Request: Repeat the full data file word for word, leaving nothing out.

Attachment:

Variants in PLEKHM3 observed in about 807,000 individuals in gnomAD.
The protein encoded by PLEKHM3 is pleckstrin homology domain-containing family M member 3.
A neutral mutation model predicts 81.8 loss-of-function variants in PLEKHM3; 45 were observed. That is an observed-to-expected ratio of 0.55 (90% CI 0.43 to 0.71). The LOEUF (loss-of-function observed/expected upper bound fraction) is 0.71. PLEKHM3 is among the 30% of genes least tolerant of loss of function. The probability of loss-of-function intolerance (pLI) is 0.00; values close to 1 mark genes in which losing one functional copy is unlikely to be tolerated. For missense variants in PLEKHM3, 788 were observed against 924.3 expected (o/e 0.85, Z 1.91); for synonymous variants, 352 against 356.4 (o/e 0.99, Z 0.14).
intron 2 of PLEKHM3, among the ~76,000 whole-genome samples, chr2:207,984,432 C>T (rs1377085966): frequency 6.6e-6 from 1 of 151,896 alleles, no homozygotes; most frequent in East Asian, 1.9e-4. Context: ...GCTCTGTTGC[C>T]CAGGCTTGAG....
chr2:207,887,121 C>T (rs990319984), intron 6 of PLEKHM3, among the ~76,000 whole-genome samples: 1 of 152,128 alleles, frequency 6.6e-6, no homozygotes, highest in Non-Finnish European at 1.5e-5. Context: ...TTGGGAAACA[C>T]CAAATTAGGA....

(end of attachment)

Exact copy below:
Variants in PLEKHM3 observed in about 807,000 individuals in gnomAD.
The protein encoded by PLEKHM3 is pleckstrin homology domain-containing family M member 3.
A neutral mutation model predicts 81.8 loss-of-function variants in PLEKHM3; 45 were observed. That is an observed-to-expected ratio of 0.55 (90% CI 0.43 to 0.71). The LOEUF (loss-of-function observed/expected upper bound fraction) is 0.71. PLEKHM3 is among the 30% of genes least tolerant of loss of function. The probability of loss-of-function intolerance (pLI) is 0.00; values close to 1 mark genes in which losing one functional copy is unlikely to be tolerated. For missense variants in PLEKHM3, 788 were observed against 924.3 expected (o/e 0.85, Z 1.91); for synonymous variants, 352 against 356.4 (o/e 0.99, Z 0.14).
intron 2 of PLEKHM3, among the ~76,000 whole-genome samples, chr2:207,984,432 C>T (rs1377085966): frequency 6.6e-6 from 1 of 151,896 alleles, no homozygotes; most frequent in East Asian, 1.9e-4. Context: ...GCTCTGTTGC[C>T]CAGGCTTGAG....
chr2:207,887,121 C>T (rs990319984), intron 6 of PLEKHM3, among the ~76,000 whole-genome samples: 1 of 152,128 alleles, frequency 6.6e-6, no homozygotes, highest in Non-Finnish European at 1.5e-5. Context: ...TTGGGAAACA[C>T]CAAATTAGGA....